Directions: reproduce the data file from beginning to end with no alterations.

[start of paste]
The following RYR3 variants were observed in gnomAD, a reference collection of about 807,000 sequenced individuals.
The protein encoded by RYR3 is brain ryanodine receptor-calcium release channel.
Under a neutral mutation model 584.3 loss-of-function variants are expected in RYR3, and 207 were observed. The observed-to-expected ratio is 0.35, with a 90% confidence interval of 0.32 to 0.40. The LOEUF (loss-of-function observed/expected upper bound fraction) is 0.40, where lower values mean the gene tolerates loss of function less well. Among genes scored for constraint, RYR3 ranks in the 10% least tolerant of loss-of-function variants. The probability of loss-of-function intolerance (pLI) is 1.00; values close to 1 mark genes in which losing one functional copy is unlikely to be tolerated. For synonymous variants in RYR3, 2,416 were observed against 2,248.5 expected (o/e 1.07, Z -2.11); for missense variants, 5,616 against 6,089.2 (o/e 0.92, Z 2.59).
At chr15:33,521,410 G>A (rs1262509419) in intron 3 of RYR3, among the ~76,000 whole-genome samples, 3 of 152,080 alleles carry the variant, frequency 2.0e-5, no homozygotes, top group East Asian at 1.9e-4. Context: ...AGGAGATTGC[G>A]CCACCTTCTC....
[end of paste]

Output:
The following RYR3 variants were observed in gnomAD, a reference collection of about 807,000 sequenced individuals.
The protein encoded by RYR3 is brain ryanodine receptor-calcium release channel.
Under a neutral mutation model 584.3 loss-of-function variants are expected in RYR3, and 207 were observed. The observed-to-expected ratio is 0.35, with a 90% confidence interval of 0.32 to 0.40. The LOEUF (loss-of-function observed/expected upper bound fraction) is 0.40, where lower values mean the gene tolerates loss of function less well. Among genes scored for constraint, RYR3 ranks in the 10% least tolerant of loss-of-function variants. The probability of loss-of-function intolerance (pLI) is 1.00; values close to 1 mark genes in which losing one functional copy is unlikely to be tolerated. For synonymous variants in RYR3, 2,416 were observed against 2,248.5 expected (o/e 1.07, Z -2.11); for missense variants, 5,616 against 6,089.2 (o/e 0.92, Z 2.59).
At chr15:33,521,410 G>A (rs1262509419) in intron 3 of RYR3, among the ~76,000 whole-genome samples, 3 of 152,080 alleles carry the variant, frequency 2.0e-5, no homozygotes, top group East Asian at 1.9e-4. Context: ...AGGAGATTGC[G>A]CCACCTTCTC....